With lower net incomes projected for 2016, liquidity continues to be a concern. The two measures of liquidity in this article are the current ratio and working capital. The current ratio is calculated by taking current assets divided by current liabilities. Working capital is calculated by subtracting current liabilities from current assets. Higher levels of these measures of liquidity indicate a greater ability to withstand adverse financial conditions. Current assets include: 1) cash and cash equivalents; 2) crop, feed and market livestock inventories; and 3) prepaid expenses. Current liabilities include: 1) operating loans; 2) the current portion of intermediate and long-term debt, 3) accrued real estate and income tax and 4) end-of-year accrued expenses. Both the current assets and current liabilities included non-farm items as well.
The March 18, 2016 article looked at working capital by age. The article on October 6, 2015 by Gary Schnitkey discussed the likely reductions in working capital that would occur in 2015. This article will look at the current ratio and working capital changes for a group of grain farms from 2003 to 2014. This group of grain farms is divided into five groups by percentage of cash rented acres of total acres farmed to further evaluate changes in liquidity. Those groups are: Under 25% cash rented, 25% – 50% cash rented, 50% – 75% cash rented, 75% – 100% cash rented and 100% cash rented. Liquidity measures used in this article refers to the median for the group.
Figure 1 shows the current ratio for the group of farms participating in Illinois Farm Business Farm Management. The percent of cash rented acres farmed and the current ratio tends to be inversely related. As the percent of cash rent acres farmed increased, the current ratio decreased. This relationship is more noticeable when comparing the Under 25%, 25% – 50% and 100% groups. Once the cash rented acres as a percent of all acres farmed goes above 50%, these current ratios move closely together. The trend from 2006 to 2012 showed rising current ratios for all groups due to higher prices/higher incomes in those years. Also, there is much more variability in the groups during this period as well. The trend from 2012 to 2014 shows reductions in the median current ratio mainly due to lower grain prices. With the trend downward, all groups still stayed above 2006 levels. 2015 and 2016 will continue this downward trend.
Figure 2 takes a different approach to liquidity and divides the median working capital for each of the five cash rented acres percentage groups by the number of operator acres. Operator acres are defined as acres farmed that the farmer also received 100% of the production. The same trends shown in Figure 1 (Increasing from 2006 to 2012 and decreasing from 2012 to 2014) are apparent in Figure 2. One difference when looking at the median working capital by operator acres is that you see about the same difference between the groups until 2009. Starting in 2009 the difference between the five groups begin to increase, except for the 50% – 75% and the 75% – 100% groups that tend to stay about the same each year for their median working capital per operator acre.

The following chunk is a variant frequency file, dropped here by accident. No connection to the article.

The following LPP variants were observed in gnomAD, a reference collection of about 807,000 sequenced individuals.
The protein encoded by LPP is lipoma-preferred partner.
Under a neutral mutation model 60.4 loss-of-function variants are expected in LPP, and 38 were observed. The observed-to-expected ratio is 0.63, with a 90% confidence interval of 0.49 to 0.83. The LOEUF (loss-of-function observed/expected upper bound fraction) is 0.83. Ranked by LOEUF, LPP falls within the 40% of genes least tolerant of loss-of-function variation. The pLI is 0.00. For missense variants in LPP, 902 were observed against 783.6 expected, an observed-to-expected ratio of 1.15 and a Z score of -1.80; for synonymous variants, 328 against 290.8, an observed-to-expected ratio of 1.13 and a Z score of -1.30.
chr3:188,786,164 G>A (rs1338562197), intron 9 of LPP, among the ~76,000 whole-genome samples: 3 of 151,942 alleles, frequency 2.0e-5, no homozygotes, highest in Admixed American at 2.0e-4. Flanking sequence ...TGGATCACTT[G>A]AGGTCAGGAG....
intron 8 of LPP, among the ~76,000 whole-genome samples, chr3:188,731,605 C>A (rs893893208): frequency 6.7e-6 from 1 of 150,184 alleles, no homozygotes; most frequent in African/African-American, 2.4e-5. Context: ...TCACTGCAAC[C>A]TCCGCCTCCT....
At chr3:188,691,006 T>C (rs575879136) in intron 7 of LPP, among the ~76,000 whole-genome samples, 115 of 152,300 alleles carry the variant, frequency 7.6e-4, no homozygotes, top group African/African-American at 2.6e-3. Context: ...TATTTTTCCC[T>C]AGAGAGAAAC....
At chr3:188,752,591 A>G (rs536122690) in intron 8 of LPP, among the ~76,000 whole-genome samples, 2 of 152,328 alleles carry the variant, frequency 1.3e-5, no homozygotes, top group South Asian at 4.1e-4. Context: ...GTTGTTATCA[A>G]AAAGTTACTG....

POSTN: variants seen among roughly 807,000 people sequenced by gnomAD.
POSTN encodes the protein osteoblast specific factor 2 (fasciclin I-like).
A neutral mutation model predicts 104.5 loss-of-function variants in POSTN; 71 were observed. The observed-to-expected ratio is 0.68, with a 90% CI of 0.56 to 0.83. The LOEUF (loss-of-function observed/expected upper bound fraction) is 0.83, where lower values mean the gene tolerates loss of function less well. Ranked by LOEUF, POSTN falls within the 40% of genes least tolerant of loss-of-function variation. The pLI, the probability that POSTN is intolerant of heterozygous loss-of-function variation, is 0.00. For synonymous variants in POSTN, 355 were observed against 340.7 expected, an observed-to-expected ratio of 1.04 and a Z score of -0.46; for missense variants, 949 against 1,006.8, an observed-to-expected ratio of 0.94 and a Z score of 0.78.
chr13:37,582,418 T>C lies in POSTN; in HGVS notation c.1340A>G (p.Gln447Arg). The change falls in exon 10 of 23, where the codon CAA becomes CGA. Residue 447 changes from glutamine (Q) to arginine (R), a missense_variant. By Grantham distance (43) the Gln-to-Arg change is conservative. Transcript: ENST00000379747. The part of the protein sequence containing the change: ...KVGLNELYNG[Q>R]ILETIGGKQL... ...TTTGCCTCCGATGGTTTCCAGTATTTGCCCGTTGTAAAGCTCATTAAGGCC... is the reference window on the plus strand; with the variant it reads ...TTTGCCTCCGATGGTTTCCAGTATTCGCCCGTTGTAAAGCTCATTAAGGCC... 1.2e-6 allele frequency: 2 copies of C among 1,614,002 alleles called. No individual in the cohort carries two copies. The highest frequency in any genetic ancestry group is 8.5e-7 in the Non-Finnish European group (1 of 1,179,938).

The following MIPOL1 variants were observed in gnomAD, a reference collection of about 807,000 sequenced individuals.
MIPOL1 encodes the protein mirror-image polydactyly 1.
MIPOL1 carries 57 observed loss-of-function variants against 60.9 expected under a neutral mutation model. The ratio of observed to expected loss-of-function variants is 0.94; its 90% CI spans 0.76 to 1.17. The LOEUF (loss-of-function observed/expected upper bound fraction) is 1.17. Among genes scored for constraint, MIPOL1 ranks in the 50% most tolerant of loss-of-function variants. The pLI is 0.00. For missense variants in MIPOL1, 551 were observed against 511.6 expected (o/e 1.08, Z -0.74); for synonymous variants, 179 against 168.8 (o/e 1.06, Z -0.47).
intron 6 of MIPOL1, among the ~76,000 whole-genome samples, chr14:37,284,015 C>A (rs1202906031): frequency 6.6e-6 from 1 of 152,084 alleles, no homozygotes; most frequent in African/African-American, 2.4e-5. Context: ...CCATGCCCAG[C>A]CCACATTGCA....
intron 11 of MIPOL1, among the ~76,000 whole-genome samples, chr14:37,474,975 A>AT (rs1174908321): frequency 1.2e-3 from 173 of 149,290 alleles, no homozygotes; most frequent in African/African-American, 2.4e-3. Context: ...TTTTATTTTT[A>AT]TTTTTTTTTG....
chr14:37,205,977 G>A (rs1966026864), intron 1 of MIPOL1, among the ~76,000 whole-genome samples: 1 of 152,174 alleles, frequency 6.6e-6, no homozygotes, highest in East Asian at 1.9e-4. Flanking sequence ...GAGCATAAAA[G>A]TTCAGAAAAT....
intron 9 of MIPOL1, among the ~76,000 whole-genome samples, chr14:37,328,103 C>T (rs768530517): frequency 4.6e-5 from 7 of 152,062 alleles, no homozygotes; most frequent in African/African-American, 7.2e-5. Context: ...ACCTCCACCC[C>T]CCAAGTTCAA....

Further analysis shows that median working capital per operator acre dollar differences. When comparing the Under 25% and the 25% – 50% group, the average difference is about $90 from 2003 to 2008. From 2009 to 2012, the difference increased to about $130. $170 is the average difference between 2012 and 2014. The average difference when comparing the 25% to 50% and the 100% cash rented group from 2003 to 2008 is about $70. From 2009 to 2011 that difference increased to $130. $190 is about the average difference from 2012 to 2014.
When analyzing liquidity, many factors come into play. In this article, we focused on how the percent of cash rented acres impacted the current ratio and working capital per operator acre. Some of this trend (lower liquidity as the percent of cash rent acres increased) is due to the additional risk of cash rent. Therefore, as the percent of acres in cash rent increases, closer monitoring of the farm business is required to manage this risk to maintain liquidity, especial in these times of lower margins.
The authors would like to acknowledge that data used in this study comes from the local Farm Business Farm Management (FBFM) Associations across the State of Illinois. Without their cooperation, information as comprehensive and accurate as this would not be available for educational purposes. The Illinois FBFM Association, which consists of 5,500 plus farmers and 60 professional field staff, is a not-for-profit organization available to all farm operators in Illinois. FBFM staff provide on-farm counsel coupled with recordkeeping, farm financial management, business entity planning and income tax management. For more information, please contact the Illinois FBFM Office located at the University of Illinois Department of Agricultural and Consumer Economics at 217-333-5511 or visit the FBFM website at www.fbfm.org.
Schnitkey, G. "Significant Reductions in Working Capital Likely in 2015 on Grain Farms." farmdoc daily (5):184, Department of Agricultural and Consumer Economics, University of Illinois at Urbana-Champaign, October 6, 2015.
Zwilling, B., B. Krapf, and D. Raab. "Working Capital and the Age of the Farm Operator." farmdoc daily (6):54, Department of Agricultural and Consumer Economics, University of Illinois at Urbana-Champaign, March 18, 2016.
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